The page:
HILL AIR FORCE BASE, Utah — We have all experienced a long hot summer and are accustomed to dealing with hazards associated with summertime.
We now find ourselves approaching the fall season. Before we know it the days will be shorter and we will be spending more time driving in the dark during morning and afternoon commutes.
School has begun and we need to pay close attention to pedestrians in crosswalks. The majority of pedestrians will be children during morning and afternoon timeframes. There are far too many near misses in crosswalks, both on and off base. As vehicle operators, it is our responsibility to keep an eye out for pedestrians because, all too often, children and adults fail to look before they enter the street.
As drivers and pedestrians, we need to practice better communication with each other at crosswalks. Pedestrians should establish eye contact with vehicle operators in the area before taking that first step into a crosswalk. Drivers should make eye contact as well, to let pedestrians know they can safely enter the street. This simple method of communication can save many lives if practiced by everyone. This is a very important part of sharing the road. Pedestrians’ lives are just as important as vehicle operators’ lives.
According to the Utah Department of Public Safety’s Zero Fatalities Campaign, drivers need to increase their alertness and awareness of pedestrians and cyclists who may be harder to see when it’s dark. Drivers need to slow down and follow slower speed limits around people on the street or in low light situations. Speed is a leading cause of pedestrian-motor vehicle crashes. Distracted driving, bicycling and walking are ongoing threats to everyone’s safety.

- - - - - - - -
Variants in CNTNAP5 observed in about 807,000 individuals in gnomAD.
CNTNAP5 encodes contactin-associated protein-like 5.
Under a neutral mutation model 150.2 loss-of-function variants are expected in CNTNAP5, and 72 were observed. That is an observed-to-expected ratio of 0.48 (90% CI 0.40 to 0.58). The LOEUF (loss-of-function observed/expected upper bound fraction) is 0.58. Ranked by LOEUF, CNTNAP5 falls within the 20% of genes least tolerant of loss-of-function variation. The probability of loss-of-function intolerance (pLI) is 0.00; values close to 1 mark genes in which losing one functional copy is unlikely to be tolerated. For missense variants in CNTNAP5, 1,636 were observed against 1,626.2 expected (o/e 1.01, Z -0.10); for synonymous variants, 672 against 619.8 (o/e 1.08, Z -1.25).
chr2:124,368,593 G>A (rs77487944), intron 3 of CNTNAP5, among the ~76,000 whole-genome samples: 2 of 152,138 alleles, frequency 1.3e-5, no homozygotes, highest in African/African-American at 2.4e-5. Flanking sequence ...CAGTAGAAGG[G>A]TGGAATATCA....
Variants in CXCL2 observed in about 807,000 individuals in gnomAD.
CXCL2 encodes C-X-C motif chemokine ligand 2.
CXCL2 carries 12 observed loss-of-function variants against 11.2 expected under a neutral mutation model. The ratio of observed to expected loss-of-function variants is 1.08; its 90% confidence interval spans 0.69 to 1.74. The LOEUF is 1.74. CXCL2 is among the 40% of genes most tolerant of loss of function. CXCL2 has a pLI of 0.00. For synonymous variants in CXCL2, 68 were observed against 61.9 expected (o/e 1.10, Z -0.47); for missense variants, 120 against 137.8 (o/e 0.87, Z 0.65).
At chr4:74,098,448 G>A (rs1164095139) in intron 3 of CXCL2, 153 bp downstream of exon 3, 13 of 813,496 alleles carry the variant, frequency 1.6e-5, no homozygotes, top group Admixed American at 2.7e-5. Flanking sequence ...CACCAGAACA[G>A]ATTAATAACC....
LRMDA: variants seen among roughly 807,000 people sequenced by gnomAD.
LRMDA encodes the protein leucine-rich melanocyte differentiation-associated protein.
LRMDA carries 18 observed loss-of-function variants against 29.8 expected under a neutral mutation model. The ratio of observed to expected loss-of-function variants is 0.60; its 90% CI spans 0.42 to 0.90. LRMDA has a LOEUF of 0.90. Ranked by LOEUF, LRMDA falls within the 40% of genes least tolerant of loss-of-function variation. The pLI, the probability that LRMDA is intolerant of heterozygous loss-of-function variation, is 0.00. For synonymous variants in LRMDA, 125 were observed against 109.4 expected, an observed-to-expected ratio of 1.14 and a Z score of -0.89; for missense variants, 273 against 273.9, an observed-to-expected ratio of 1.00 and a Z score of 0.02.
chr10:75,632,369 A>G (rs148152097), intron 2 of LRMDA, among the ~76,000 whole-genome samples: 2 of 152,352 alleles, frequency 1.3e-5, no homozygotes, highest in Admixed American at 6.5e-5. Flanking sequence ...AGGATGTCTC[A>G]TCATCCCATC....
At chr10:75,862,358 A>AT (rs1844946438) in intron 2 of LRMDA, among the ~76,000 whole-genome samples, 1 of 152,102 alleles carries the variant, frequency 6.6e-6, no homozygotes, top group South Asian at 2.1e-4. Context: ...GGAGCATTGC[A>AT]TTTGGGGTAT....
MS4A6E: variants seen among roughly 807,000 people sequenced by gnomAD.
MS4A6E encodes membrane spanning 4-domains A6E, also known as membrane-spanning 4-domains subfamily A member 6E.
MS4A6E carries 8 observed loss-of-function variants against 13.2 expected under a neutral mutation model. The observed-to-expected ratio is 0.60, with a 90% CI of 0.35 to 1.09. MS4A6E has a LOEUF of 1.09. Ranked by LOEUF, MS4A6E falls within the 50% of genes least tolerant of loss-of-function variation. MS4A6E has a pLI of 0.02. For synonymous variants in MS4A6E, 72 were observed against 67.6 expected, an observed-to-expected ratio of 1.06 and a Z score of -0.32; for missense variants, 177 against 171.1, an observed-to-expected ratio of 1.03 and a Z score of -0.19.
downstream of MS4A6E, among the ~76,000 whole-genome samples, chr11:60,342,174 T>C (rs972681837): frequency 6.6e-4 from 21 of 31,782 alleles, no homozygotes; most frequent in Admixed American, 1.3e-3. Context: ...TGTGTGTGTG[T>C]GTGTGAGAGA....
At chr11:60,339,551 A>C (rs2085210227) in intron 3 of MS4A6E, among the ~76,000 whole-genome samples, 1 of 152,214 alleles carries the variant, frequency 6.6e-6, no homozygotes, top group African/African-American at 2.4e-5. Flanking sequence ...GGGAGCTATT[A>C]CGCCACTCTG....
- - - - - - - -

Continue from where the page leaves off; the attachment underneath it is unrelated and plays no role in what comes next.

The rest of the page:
Daylight saving time ends on Nov. 1 and for the next month and a half, the days will grow shorter and nights will grow longer. Everyone using the roadway must be aware of the risks associated with fewer hours of daylight to help prevent pedestrian crashes and save lives. At times, we will experience dark mornings with wet roads. This makes seeing pedestrians very difficult so drivers must use extra caution. With the increase in the amount of nighttime hours, pedestrians and cyclists need to understand the risks that low light situations present to them, and take steps to increase their safety. Similarly, drivers need to be extra cautious and share the road with our most vulnerable users.
Drivers play a key role in keeping pedestrians and bicyclists safe on our roads. Pedestrians and bicyclists are far more vulnerable than people in vehicles.
Drive like you would want people to drive around you and your family. Slow down when you see pedestrians or cyclists or when visibility is reduced, such as in bad weather or when it’s dark. Understand that higher speeds lead to greater injuries to pedestrians and cyclists. Recognize that you are driving through our community and your choices can have significant impacts on other people’s lives.
During this fall season, let’s stay alert and help everyone stay alive on our roadways.
Share the road.